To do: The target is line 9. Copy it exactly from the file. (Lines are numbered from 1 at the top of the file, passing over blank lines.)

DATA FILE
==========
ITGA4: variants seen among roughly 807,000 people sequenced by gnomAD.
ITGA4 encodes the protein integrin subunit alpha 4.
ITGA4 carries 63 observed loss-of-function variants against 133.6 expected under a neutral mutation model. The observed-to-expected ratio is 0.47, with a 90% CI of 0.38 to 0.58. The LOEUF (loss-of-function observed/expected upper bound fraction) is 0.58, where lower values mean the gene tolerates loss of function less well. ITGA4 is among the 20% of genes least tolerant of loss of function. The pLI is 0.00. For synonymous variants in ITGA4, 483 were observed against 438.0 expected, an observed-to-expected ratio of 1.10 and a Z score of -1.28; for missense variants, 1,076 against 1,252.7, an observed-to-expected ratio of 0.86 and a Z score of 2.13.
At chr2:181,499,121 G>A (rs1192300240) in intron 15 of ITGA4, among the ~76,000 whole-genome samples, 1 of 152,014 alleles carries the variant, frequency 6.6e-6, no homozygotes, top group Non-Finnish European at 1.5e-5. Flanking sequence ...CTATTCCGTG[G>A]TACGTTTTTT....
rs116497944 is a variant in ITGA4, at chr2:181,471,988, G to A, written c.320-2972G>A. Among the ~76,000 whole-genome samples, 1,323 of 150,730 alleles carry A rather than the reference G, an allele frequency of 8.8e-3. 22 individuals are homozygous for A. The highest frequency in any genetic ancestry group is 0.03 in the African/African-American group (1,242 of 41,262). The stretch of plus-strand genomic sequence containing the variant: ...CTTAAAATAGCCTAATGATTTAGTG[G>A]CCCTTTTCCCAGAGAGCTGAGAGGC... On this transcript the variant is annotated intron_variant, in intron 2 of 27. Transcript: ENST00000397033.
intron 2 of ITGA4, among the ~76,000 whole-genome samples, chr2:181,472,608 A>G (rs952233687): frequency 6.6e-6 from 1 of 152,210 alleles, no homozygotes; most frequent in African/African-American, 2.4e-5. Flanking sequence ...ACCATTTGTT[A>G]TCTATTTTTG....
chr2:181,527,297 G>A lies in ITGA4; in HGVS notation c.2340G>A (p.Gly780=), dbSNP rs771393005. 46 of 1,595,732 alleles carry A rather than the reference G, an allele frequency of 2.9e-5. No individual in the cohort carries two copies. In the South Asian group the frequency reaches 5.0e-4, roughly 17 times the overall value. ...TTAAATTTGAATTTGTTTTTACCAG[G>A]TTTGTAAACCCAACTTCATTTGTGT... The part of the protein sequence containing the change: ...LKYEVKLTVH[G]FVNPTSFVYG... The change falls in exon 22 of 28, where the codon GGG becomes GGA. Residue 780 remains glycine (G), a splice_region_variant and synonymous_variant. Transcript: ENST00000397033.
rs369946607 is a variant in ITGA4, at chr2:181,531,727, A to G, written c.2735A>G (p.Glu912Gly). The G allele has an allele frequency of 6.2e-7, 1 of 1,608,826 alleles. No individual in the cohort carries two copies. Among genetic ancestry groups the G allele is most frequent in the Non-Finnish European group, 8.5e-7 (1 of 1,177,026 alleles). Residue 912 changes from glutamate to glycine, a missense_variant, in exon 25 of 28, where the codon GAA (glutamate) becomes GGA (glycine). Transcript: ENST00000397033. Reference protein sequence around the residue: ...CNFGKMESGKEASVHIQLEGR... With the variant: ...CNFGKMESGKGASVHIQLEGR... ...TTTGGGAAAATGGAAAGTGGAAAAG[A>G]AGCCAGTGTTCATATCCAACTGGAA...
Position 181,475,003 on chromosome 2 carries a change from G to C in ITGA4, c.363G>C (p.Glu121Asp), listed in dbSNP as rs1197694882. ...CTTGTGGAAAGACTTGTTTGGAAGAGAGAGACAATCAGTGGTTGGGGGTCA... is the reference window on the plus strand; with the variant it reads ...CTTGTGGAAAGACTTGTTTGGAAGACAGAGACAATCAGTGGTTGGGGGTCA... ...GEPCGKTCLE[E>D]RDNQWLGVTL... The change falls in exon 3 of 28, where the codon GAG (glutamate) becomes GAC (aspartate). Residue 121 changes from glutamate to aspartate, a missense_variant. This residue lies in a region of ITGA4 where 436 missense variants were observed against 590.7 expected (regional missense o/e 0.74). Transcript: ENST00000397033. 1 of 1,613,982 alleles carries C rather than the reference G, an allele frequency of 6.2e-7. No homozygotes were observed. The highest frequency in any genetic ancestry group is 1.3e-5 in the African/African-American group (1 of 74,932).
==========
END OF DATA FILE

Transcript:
Position 181,475,003 on chromosome 2 carries a change from G to C in ITGA4, c.363G>C (p.Glu121Asp), listed in dbSNP as rs1197694882. ...CTTGTGGAAAGACTTGTTTGGAAGAGAGAGACAATCAGTGGTTGGGGGTCA... is the reference window on the plus strand; with the variant it reads ...CTTGTGGAAAGACTTGTTTGGAAGACAGAGACAATCAGTGGTTGGGGGTCA... ...GEPCGKTCLE[E>D]RDNQWLGVTL... The change falls in exon 3 of 28, where the codon GAG (glutamate) becomes GAC (aspartate). Residue 121 changes from glutamate to aspartate, a missense_variant. This residue lies in a region of ITGA4 where 436 missense variants were observed against 590.7 expected (regional missense o/e 0.74). Transcript: ENST00000397033. 1 of 1,613,982 alleles carries C rather than the reference G, an allele frequency of 6.2e-7. No homozygotes were observed. The highest frequency in any genetic ancestry group is 1.3e-5 in the African/African-American group (1 of 74,932).